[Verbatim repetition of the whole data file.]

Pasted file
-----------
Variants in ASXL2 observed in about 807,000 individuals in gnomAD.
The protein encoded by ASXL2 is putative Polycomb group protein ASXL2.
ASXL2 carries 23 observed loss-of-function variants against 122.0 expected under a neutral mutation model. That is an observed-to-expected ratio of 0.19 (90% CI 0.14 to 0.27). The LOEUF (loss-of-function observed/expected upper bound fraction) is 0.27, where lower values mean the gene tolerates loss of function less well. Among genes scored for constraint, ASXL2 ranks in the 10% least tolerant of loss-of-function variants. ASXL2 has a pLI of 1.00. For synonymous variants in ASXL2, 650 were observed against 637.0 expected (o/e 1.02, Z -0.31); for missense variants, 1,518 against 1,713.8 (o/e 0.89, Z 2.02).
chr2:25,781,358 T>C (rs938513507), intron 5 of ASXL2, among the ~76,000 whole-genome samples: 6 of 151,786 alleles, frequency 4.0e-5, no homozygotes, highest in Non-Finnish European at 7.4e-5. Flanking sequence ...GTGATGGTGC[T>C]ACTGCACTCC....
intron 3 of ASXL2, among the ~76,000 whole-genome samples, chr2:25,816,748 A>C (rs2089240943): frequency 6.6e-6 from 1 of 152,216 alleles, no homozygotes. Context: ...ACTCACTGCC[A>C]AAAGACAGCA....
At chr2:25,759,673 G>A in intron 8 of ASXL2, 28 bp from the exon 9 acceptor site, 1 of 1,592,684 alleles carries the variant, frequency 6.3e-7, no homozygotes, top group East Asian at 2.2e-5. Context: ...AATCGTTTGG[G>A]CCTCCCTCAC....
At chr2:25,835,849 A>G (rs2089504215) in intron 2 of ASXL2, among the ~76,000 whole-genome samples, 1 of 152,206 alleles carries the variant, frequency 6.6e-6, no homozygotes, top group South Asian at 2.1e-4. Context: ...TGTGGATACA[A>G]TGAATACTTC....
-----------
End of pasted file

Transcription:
Variants in ASXL2 observed in about 807,000 individuals in gnomAD.
The protein encoded by ASXL2 is putative Polycomb group protein ASXL2.
ASXL2 carries 23 observed loss-of-function variants against 122.0 expected under a neutral mutation model. That is an observed-to-expected ratio of 0.19 (90% CI 0.14 to 0.27). The LOEUF (loss-of-function observed/expected upper bound fraction) is 0.27, where lower values mean the gene tolerates loss of function less well. Among genes scored for constraint, ASXL2 ranks in the 10% least tolerant of loss-of-function variants. ASXL2 has a pLI of 1.00. For synonymous variants in ASXL2, 650 were observed against 637.0 expected (o/e 1.02, Z -0.31); for missense variants, 1,518 against 1,713.8 (o/e 0.89, Z 2.02).
chr2:25,781,358 T>C (rs938513507), intron 5 of ASXL2, among the ~76,000 whole-genome samples: 6 of 151,786 alleles, frequency 4.0e-5, no homozygotes, highest in Non-Finnish European at 7.4e-5. Flanking sequence ...GTGATGGTGC[T>C]ACTGCACTCC....
intron 3 of ASXL2, among the ~76,000 whole-genome samples, chr2:25,816,748 A>C (rs2089240943): frequency 6.6e-6 from 1 of 152,216 alleles, no homozygotes. Context: ...ACTCACTGCC[A>C]AAAGACAGCA....
At chr2:25,759,673 G>A in intron 8 of ASXL2, 28 bp from the exon 9 acceptor site, 1 of 1,592,684 alleles carries the variant, frequency 6.3e-7, no homozygotes, top group East Asian at 2.2e-5. Context: ...AATCGTTTGG[G>A]CCTCCCTCAC....
At chr2:25,835,849 A>G (rs2089504215) in intron 2 of ASXL2, among the ~76,000 whole-genome samples, 1 of 152,206 alleles carries the variant, frequency 6.6e-6, no homozygotes, top group South Asian at 2.1e-4. Context: ...TGTGGATACA[A>G]TGAATACTTC....